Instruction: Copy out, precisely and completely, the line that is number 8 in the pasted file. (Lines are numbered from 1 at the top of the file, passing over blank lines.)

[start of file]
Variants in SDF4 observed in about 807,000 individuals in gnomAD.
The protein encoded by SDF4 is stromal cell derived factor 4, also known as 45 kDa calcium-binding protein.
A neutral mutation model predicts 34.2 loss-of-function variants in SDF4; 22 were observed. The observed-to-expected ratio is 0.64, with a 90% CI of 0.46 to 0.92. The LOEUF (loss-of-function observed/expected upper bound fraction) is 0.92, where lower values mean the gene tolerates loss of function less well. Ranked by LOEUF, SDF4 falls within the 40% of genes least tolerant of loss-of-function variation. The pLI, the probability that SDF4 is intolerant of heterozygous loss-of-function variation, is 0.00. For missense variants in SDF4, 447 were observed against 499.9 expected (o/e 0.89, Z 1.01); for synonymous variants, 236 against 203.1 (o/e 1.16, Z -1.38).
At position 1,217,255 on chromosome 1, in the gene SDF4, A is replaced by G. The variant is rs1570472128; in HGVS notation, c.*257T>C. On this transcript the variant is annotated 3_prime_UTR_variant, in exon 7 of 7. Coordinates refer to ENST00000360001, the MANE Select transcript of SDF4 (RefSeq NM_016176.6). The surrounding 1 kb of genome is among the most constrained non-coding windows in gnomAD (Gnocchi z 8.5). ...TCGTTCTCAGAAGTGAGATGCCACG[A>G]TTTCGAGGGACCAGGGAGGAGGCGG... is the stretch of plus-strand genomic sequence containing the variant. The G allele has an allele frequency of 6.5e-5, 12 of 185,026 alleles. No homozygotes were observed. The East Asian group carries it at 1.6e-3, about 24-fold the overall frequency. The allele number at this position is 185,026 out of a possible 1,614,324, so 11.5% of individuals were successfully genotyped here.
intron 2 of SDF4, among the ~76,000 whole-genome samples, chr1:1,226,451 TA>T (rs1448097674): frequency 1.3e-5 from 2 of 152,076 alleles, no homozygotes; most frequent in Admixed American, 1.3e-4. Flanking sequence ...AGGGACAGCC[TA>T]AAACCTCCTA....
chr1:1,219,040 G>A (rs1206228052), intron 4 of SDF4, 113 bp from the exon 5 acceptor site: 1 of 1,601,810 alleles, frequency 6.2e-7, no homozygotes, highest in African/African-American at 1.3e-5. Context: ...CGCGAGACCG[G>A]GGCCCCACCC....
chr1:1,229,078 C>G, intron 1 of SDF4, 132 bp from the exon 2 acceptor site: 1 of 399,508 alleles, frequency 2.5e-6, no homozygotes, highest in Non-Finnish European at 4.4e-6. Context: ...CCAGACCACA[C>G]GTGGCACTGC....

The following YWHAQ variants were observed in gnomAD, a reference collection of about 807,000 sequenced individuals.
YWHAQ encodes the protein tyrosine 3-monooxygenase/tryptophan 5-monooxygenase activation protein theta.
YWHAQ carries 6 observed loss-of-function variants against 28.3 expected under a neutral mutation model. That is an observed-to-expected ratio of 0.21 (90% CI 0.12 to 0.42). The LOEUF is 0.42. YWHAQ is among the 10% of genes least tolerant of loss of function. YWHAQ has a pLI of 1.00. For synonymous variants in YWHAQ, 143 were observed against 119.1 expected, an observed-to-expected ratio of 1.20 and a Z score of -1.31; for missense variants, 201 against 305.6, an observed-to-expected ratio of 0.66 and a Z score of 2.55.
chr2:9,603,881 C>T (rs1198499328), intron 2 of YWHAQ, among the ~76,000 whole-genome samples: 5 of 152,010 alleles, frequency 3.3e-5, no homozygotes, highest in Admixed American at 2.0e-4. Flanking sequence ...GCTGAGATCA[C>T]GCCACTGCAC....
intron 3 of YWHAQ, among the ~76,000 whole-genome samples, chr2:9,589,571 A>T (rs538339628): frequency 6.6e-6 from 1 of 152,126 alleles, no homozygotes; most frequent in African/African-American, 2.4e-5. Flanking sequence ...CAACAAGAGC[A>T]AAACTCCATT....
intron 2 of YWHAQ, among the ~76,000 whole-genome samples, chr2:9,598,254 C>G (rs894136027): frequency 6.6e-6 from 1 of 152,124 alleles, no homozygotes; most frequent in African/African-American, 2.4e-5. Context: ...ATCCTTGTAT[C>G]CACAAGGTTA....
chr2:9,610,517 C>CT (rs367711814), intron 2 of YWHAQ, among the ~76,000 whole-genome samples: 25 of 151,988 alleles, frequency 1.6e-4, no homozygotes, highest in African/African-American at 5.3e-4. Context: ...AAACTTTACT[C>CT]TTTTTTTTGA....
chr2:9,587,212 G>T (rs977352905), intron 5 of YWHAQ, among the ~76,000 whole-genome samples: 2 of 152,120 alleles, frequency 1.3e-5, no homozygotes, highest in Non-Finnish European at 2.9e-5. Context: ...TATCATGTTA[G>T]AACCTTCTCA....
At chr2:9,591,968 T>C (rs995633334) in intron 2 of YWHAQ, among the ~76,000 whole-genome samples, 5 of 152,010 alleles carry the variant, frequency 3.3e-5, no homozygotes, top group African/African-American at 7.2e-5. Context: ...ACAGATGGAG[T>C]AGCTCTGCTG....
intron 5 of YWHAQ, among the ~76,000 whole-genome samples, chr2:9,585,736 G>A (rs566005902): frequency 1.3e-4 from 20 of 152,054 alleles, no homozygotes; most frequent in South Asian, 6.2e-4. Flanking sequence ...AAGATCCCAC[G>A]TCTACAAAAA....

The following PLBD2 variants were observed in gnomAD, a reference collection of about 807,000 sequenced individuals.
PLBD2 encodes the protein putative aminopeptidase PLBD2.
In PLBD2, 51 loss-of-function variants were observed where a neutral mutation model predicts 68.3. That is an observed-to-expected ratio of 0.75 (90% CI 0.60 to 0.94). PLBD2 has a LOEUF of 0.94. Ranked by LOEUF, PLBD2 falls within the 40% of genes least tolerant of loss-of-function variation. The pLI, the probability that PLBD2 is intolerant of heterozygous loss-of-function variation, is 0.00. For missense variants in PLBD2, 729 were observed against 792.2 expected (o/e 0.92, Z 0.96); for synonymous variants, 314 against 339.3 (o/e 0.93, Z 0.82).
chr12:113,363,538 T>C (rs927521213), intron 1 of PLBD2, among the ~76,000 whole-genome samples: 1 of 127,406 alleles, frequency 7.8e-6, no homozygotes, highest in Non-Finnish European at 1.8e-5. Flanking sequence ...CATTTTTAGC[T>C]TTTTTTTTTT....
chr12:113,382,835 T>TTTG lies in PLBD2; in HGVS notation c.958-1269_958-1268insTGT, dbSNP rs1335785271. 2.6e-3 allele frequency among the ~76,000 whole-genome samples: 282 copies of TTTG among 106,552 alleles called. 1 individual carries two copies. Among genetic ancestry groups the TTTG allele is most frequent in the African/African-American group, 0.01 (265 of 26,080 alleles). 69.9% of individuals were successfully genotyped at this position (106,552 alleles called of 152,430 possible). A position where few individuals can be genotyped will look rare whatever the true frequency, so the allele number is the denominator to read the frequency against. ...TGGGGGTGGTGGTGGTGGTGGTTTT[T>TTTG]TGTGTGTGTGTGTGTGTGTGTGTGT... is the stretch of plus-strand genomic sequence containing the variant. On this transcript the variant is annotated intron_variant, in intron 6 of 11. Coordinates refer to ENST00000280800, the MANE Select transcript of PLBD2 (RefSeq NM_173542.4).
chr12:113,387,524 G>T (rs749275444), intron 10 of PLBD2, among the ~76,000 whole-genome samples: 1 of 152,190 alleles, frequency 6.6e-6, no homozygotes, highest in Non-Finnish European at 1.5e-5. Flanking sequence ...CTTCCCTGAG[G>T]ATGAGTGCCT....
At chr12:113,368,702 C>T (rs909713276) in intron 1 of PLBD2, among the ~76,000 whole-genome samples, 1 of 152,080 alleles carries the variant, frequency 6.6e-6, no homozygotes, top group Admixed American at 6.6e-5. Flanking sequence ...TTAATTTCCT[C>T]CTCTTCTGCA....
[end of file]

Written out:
The following YWHAQ variants were observed in gnomAD, a reference collection of about 807,000 sequenced individuals.